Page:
Teaching kids about money
By Lisa Jaffary
September is the month of new beginnings. In childhood, we looked forward to starting a new grade with a new teacher. Our parents bought us new school supplies and clothes. This taught us that September was the real beginning of the new year.
In college, university and in the work-life, we continue to embrace new beginnings in September.
September also gives the opportunity to discuss money with your children. Do you give them an allowance? Allowances are common for children over age 5 or 6. The best time is to start when your children understand that money can buy things they want..
The important part is consistency – choose either weekly or biweekly. Use birthdays as the time to give increases.
When discussing allowances, ask them to divide up their money into three portions: for example, 70 percent to spend, 15 percent to save and 15 percent to give. Percentages may vary. Portioning out an allowance teaches valuable money-management skills to your children. This fosters a life-long balanced money approach.
For their spending portion, they can choose what to spend their money on. Discuss ideas together. Some children choose to buy something every week, others choose to save up and make a larger purchase with more of their money.
Their saving portion can be deposited into their own bank account. They will see how their money grows over time.
Talk about giving and share ways in which you give. Do you support local charities or non-profit organizations? Talk about these groups, show them the websites and discuss how they collect donations and what they do with their money. What do they do in the community?
To help your children decide on their organization, ask what inspires them. Allow your children to decide where they want to give their ‘giving’ money. This empowers them and gives them a strong emotional connection to their gift.
There are ways to increase their emotional connection to their giving money. Make a poster board, visit the organization, meet other donors, write a letter, attend or start a community fund-raiser.
By encouraging your children to give, you are also teaching them to care for others, even people they have never met. Often, children have a close connection with giving to animals and nature.
In today’s world, giving can extend locally or globally. Through your travels in the Okanagan or around the world, there are many teaching moments that may touch your child’s heart. Your career, connections and relationships may open their heart. Invite your children to activities with your community organizations. Volunteer as a family at an event.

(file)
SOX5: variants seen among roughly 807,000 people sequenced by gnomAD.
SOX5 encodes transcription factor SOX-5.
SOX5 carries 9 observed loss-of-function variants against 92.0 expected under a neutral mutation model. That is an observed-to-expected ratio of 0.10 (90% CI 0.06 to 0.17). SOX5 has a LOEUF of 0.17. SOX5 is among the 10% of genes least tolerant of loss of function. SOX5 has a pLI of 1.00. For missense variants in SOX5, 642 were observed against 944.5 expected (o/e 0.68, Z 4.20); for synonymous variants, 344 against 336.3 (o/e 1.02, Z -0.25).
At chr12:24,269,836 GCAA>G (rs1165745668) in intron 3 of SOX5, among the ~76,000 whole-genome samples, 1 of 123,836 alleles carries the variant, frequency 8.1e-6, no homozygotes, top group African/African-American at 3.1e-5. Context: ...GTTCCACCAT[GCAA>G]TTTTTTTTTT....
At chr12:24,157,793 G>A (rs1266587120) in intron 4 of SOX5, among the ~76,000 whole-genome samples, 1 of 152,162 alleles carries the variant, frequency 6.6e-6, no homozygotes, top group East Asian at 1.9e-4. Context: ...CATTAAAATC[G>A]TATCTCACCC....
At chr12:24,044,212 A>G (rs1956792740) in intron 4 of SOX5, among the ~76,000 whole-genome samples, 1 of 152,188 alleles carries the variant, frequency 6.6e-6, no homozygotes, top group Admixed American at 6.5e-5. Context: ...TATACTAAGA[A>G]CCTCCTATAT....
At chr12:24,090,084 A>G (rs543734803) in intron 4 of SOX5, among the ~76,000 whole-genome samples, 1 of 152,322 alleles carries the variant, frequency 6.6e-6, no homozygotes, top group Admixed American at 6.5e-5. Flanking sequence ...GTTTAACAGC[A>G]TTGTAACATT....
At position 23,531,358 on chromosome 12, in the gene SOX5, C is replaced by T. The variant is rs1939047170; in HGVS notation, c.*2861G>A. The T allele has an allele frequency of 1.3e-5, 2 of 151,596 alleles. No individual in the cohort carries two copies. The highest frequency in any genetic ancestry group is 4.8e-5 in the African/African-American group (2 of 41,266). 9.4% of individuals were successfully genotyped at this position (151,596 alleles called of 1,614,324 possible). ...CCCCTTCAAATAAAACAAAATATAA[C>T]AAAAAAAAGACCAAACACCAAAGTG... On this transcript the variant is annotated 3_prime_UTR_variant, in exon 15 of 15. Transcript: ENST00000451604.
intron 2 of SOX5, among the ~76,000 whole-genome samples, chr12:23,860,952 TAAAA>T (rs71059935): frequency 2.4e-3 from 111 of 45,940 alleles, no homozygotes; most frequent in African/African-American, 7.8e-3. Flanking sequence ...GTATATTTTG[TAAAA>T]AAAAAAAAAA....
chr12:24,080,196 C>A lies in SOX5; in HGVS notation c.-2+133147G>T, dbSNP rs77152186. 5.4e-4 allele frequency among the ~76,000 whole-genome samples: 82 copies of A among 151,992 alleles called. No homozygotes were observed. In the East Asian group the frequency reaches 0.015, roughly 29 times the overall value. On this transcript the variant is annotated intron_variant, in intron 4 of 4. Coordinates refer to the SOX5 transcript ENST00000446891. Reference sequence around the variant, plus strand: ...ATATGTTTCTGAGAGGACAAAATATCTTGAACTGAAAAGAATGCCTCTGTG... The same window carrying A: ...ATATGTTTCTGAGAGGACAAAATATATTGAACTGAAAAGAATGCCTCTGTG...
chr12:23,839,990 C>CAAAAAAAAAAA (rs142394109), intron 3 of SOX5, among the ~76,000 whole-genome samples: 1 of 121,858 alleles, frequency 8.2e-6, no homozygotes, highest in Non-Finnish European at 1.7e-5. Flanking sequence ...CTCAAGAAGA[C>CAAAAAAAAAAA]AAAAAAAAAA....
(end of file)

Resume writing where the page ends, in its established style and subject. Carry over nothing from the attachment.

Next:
Giving helps children develop new levels of understanding and compassion. It also helps them be passionate about learning more about issues that touch them emotionally. Many adults create very successful careers around what they learned as children. Their childhood passions develop into research, businesses, writing and travelling. Giving also helps us to understand our values and motivations.
You never know what will inspire your children. Every experience of generosity touches them. Giving reaps rewards. Every act of giving is noticed by the universal laws of nature. Rewards may be instant or may take a while.
Allowances give you the opportunity to teach your children about money.
Choose an appropriate allowance amount, discuss percentages and create systems to fulfill all portions – spending, saving and giving.
Show them how to spend wisely. By teaching them about saving, they will establish lifelong habit of putting money away for the future. What a great habit!
This September, encourage a new level of giving within your family. Let it start by giving an allowance to your children and let it grow from there. This is a lifelong gift to your children and the world will be a better place.
Lisa Jaffary is a life insurance agent and financial advisor with Points West Insurance Services in Kelowna. She is a member of the Advocis, the largest professional association of financial advisors in Canada. Call her at 250 861-5166 or e-mail at email@example.com if you have any questions, or a suggestion for a column topic.